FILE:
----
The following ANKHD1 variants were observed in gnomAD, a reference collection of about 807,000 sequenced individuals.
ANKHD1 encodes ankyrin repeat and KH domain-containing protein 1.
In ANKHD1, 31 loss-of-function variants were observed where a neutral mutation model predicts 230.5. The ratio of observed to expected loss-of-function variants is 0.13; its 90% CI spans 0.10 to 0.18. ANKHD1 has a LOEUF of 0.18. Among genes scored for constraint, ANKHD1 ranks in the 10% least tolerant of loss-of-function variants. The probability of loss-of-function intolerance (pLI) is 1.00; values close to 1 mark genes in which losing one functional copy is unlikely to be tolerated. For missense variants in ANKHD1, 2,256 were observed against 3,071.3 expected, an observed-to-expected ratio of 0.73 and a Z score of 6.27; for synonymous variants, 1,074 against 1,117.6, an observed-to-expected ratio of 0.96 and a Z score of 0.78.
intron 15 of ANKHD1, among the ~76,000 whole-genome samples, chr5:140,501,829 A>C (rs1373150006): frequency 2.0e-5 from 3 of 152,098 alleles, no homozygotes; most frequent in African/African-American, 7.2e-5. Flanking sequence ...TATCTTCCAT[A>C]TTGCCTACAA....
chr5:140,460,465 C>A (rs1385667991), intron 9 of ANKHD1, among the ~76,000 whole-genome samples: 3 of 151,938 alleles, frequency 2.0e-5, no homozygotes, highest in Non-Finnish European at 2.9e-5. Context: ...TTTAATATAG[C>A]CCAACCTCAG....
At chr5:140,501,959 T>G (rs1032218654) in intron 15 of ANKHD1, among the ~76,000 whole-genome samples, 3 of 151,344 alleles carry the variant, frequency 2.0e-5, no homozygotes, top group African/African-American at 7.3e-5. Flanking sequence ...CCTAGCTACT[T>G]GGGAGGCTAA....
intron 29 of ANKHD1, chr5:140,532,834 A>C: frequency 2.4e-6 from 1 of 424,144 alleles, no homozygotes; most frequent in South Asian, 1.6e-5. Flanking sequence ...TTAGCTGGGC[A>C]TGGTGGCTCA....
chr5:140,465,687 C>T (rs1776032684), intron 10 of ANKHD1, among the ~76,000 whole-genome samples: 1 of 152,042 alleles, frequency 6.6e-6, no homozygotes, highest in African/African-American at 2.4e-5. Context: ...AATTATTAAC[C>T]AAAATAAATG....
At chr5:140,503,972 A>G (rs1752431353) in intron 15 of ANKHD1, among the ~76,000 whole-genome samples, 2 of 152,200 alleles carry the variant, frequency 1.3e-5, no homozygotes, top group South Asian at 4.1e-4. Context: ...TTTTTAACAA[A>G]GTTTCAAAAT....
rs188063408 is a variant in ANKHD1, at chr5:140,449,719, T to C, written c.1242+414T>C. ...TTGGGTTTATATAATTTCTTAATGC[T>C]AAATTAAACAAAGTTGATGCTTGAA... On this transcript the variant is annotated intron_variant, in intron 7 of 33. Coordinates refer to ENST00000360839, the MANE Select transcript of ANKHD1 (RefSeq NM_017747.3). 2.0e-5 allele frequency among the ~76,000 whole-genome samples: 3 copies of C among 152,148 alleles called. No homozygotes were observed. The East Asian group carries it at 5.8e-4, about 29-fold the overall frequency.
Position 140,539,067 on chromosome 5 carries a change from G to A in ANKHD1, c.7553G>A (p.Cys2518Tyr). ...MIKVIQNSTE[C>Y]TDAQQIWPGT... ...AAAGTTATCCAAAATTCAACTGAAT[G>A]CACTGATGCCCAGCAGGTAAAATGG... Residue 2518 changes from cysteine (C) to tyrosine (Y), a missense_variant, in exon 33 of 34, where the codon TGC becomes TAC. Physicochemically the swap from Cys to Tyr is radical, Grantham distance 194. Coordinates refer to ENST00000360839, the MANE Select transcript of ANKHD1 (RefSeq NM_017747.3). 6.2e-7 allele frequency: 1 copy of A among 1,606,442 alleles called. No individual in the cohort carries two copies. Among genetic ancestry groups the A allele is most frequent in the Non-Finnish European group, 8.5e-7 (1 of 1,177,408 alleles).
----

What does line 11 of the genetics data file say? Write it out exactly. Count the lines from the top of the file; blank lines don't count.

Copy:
Position 140,539,067 on chromosome 5 carries a change from G to A in ANKHD1, c.7553G>A (p.Cys2518Tyr). ...MIKVIQNSTE[C>Y]TDAQQIWPGT... ...AAAGTTATCCAAAATTCAACTGAAT[G>A]CACTGATGCCCAGCAGGTAAAATGG... Residue 2518 changes from cysteine (C) to tyrosine (Y), a missense_variant, in exon 33 of 34, where the codon TGC becomes TAC. Physicochemically the swap from Cys to Tyr is radical, Grantham distance 194. Coordinates refer to ENST00000360839, the MANE Select transcript of ANKHD1 (RefSeq NM_017747.3). 6.2e-7 allele frequency: 1 copy of A among 1,606,442 alleles called. No individual in the cohort carries two copies. Among genetic ancestry groups the A allele is most frequent in the Non-Finnish European group, 8.5e-7 (1 of 1,177,408 alleles).